Nearly 68 percent of Hailey voters who turned out Tuesday supported a ballot measure that will bring a 2 percent increase in electric utility franchise fees to help pay for repair and maintenance of streets, sidewalks and other important infrastructure.

The ballot measure will increase the monthly franchise fee charged to Idaho Power from 1 percent to 3 percent, an additional cost that will be passed on to Hailey ratepayers.

“We extend our gratitude to all the Hailey citizens who took time to vote on the Idaho Power franchise fee increase. It’s very important for people to vote on public funding issues,” Mayor Fritz Haemmerle said.

Only 8.5 percent of Hailey’s 4,316 registered voters turned out for the election. Of 367 ballots cast, 248 (67.57 percent) were in favor of the franchise fee increase, while 119 (32.43 percent) were against it. The election results are unofficial until final canvassing of votes Tuesday by the Blaine County commissioners.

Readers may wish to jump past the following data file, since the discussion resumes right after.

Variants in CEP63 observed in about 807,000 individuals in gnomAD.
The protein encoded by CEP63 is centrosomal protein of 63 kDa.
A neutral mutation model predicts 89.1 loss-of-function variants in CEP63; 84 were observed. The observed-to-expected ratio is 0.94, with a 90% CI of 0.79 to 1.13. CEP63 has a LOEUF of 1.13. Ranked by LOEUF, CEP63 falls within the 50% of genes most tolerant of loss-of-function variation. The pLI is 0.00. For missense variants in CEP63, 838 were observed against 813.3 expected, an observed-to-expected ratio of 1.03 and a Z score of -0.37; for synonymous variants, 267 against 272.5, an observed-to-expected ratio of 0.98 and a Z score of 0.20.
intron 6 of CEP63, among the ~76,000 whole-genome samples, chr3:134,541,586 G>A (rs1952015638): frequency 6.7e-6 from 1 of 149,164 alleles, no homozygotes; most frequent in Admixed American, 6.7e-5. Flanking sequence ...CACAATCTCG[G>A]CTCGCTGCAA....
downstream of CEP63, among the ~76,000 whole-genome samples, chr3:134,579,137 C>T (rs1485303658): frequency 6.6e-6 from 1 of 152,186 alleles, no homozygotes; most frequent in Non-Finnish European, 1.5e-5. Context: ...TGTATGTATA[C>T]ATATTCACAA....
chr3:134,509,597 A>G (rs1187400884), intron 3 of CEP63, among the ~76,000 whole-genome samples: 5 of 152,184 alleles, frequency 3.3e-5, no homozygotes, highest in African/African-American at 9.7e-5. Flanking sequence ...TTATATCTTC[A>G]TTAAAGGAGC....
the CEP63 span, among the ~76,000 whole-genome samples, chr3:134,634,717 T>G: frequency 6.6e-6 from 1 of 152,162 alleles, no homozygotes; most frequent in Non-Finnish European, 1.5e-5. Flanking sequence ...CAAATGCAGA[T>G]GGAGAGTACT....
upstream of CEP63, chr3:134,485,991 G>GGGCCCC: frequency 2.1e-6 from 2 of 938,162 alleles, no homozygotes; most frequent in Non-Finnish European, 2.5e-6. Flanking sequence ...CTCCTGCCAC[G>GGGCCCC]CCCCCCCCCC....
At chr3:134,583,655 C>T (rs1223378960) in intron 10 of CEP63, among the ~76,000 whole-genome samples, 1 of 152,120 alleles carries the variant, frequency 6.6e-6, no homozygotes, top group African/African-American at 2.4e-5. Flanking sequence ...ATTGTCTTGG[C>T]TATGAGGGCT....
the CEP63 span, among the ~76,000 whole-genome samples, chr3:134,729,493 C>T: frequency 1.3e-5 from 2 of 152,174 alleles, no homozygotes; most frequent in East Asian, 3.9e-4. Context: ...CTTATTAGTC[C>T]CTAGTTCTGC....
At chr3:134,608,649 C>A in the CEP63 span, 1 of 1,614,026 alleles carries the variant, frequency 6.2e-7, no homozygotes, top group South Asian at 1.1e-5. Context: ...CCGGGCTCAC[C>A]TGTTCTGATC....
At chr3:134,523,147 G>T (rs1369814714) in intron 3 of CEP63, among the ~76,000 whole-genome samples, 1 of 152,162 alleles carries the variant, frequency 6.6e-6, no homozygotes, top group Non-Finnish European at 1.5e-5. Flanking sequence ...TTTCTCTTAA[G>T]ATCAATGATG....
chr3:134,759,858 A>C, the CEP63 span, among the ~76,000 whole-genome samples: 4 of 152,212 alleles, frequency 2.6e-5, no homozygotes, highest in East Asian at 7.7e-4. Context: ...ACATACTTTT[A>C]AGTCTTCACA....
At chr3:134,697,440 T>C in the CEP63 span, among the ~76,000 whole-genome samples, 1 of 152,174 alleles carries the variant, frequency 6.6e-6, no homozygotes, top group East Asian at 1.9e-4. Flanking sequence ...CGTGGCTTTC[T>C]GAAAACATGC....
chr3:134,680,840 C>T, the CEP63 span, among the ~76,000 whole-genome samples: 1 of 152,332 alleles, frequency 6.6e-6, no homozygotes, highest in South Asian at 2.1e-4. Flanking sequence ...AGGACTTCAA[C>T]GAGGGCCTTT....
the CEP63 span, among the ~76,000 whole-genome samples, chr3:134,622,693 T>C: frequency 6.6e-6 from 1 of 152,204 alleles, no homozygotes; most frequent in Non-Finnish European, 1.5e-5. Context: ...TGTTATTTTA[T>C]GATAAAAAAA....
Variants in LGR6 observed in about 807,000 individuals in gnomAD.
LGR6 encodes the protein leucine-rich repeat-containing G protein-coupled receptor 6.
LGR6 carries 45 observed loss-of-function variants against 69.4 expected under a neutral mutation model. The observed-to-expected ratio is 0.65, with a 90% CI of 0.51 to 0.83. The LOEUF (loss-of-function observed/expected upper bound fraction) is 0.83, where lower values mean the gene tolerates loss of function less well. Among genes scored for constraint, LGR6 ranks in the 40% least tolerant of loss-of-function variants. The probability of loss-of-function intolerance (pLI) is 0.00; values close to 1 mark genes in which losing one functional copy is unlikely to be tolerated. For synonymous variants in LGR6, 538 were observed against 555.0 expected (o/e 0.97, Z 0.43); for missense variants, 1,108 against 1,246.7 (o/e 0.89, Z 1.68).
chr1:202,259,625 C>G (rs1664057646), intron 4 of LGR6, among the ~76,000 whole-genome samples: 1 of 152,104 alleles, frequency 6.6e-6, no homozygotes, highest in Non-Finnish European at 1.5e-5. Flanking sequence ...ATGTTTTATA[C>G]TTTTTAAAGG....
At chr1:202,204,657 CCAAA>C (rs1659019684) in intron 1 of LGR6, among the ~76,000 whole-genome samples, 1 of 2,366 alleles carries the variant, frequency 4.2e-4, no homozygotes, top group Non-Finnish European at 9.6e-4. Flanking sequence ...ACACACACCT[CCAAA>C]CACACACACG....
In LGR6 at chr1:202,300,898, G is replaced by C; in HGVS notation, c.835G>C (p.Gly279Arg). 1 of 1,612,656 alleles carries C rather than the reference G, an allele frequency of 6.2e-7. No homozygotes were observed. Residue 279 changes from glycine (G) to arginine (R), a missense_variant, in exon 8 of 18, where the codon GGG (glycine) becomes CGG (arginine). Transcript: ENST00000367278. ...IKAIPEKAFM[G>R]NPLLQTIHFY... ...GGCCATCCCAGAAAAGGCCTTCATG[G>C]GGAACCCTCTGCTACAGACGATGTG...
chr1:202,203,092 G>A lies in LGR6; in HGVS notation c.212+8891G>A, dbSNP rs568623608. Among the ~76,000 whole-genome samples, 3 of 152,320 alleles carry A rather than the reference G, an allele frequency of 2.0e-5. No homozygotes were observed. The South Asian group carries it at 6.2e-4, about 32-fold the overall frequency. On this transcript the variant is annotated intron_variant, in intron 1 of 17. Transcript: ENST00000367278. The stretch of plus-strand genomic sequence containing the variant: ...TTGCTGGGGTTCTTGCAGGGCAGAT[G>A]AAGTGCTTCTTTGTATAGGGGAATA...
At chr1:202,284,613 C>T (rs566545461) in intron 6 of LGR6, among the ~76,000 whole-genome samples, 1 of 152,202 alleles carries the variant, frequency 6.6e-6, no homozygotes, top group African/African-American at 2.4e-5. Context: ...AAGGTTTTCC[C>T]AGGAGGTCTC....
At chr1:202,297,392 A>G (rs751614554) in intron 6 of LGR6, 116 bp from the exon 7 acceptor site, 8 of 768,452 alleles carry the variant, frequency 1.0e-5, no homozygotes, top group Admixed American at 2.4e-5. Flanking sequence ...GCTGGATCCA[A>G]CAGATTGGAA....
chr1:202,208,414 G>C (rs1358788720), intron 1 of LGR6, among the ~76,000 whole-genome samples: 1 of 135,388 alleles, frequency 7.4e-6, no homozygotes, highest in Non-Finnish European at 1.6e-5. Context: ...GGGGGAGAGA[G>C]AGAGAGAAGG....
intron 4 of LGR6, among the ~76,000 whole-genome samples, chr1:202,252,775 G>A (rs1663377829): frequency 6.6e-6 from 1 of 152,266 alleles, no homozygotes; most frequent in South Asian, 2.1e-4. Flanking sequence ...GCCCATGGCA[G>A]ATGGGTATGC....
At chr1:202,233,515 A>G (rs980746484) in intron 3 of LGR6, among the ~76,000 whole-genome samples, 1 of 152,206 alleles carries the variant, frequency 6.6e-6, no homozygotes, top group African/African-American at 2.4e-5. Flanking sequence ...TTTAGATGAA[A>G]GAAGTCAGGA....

“We are pleased that the vote on the franchise fee increase was passed,” Haemmerle said. “The additional $120,000 the city will realize from the fee increase will result in significant changes in the maintenance and care of city infrastructure.”

Public Works Director Brian Yeager has stated that in addition to providing funding for existing infrastructure, the franchise fee increase would also provide a funding stream that could help the city qualify for a grant to help pay for a partly funded upgrade to four blocks of River Street.

In addition to the Idaho franchise fee, the city receives a 3 percent franchise fee from Intermountain Gas, a 5 percent fee from Cox Cable and a 6 percent fee from Clear Creek Disposal, totaling $230,000 annually.

As a result of the successful ballot initiative, the city will now receive a total of $350,000 each year from franchise fees.

Haemmerle took the opportunity following the successful initiative to encourage Hailey residents to further participate in the public process.

“The manner in which the city spends money remains an important issue,” he said. “As we do every year at this time of year, we encourage public participation in our budget process. Last year, our budget was adopted after six City Council meetings in which the public was invited to participate, but very few people attended our meetings and commented.”

The city’s budget hearings will begin on June 24 and continue through Sept. 17.

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